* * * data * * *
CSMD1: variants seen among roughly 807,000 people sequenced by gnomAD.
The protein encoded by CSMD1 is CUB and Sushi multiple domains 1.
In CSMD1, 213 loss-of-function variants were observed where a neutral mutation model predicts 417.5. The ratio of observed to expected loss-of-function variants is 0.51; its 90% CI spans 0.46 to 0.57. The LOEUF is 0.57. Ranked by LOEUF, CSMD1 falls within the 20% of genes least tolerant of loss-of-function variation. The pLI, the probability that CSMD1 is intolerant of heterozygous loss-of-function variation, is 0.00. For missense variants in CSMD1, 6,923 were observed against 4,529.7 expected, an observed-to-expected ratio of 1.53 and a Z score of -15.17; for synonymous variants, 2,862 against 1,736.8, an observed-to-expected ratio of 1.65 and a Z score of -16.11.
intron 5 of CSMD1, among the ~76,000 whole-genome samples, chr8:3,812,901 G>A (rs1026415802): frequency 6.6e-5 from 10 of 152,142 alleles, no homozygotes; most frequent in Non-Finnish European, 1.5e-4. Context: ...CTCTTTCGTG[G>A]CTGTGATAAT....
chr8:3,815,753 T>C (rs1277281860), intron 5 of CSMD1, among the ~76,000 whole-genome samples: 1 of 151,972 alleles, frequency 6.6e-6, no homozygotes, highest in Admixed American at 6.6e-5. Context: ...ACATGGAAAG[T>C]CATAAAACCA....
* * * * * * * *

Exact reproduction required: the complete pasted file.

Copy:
CSMD1: variants seen among roughly 807,000 people sequenced by gnomAD.
The protein encoded by CSMD1 is CUB and Sushi multiple domains 1.
In CSMD1, 213 loss-of-function variants were observed where a neutral mutation model predicts 417.5. The ratio of observed to expected loss-of-function variants is 0.51; its 90% CI spans 0.46 to 0.57. The LOEUF is 0.57. Ranked by LOEUF, CSMD1 falls within the 20% of genes least tolerant of loss-of-function variation. The pLI, the probability that CSMD1 is intolerant of heterozygous loss-of-function variation, is 0.00. For missense variants in CSMD1, 6,923 were observed against 4,529.7 expected, an observed-to-expected ratio of 1.53 and a Z score of -15.17; for synonymous variants, 2,862 against 1,736.8, an observed-to-expected ratio of 1.65 and a Z score of -16.11.
intron 5 of CSMD1, among the ~76,000 whole-genome samples, chr8:3,812,901 G>A (rs1026415802): frequency 6.6e-5 from 10 of 152,142 alleles, no homozygotes; most frequent in Non-Finnish European, 1.5e-4. Context: ...CTCTTTCGTG[G>A]CTGTGATAAT....
chr8:3,815,753 T>C (rs1277281860), intron 5 of CSMD1, among the ~76,000 whole-genome samples: 1 of 151,972 alleles, frequency 6.6e-6, no homozygotes, highest in Admixed American at 6.6e-5. Context: ...ACATGGAAAG[T>C]CATAAAACCA....